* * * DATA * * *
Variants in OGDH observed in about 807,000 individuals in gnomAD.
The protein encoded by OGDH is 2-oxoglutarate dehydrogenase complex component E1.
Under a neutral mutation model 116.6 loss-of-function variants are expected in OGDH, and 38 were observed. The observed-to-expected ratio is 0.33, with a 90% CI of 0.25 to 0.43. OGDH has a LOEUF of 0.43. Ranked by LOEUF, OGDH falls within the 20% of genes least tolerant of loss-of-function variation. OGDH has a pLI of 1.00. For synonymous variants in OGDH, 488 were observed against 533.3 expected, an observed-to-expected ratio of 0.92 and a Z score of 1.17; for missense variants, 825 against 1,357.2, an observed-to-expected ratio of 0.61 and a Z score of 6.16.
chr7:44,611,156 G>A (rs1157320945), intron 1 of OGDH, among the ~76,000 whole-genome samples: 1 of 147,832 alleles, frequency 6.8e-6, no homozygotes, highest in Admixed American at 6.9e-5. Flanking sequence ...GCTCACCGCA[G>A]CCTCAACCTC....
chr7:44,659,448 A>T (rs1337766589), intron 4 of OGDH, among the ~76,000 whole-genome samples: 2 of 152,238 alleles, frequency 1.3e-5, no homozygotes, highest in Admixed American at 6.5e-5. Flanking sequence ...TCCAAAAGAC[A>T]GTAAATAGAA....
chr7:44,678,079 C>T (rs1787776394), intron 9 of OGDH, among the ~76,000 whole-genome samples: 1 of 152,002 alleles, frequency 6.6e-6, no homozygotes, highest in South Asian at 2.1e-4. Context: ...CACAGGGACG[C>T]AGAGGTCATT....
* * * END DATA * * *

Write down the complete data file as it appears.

Variants in OGDH observed in about 807,000 individuals in gnomAD.
The protein encoded by OGDH is 2-oxoglutarate dehydrogenase complex component E1.
Under a neutral mutation model 116.6 loss-of-function variants are expected in OGDH, and 38 were observed. The observed-to-expected ratio is 0.33, with a 90% CI of 0.25 to 0.43. OGDH has a LOEUF of 0.43. Ranked by LOEUF, OGDH falls within the 20% of genes least tolerant of loss-of-function variation. OGDH has a pLI of 1.00. For synonymous variants in OGDH, 488 were observed against 533.3 expected, an observed-to-expected ratio of 0.92 and a Z score of 1.17; for missense variants, 825 against 1,357.2, an observed-to-expected ratio of 0.61 and a Z score of 6.16.
chr7:44,611,156 G>A (rs1157320945), intron 1 of OGDH, among the ~76,000 whole-genome samples: 1 of 147,832 alleles, frequency 6.8e-6, no homozygotes, highest in Admixed American at 6.9e-5. Flanking sequence ...GCTCACCGCA[G>A]CCTCAACCTC....
chr7:44,659,448 A>T (rs1337766589), intron 4 of OGDH, among the ~76,000 whole-genome samples: 2 of 152,238 alleles, frequency 1.3e-5, no homozygotes, highest in Admixed American at 6.5e-5. Flanking sequence ...TCCAAAAGAC[A>T]GTAAATAGAA....
chr7:44,678,079 C>T (rs1787776394), intron 9 of OGDH, among the ~76,000 whole-genome samples: 1 of 152,002 alleles, frequency 6.6e-6, no homozygotes, highest in South Asian at 2.1e-4. Context: ...CACAGGGACG[C>T]AGAGGTCATT....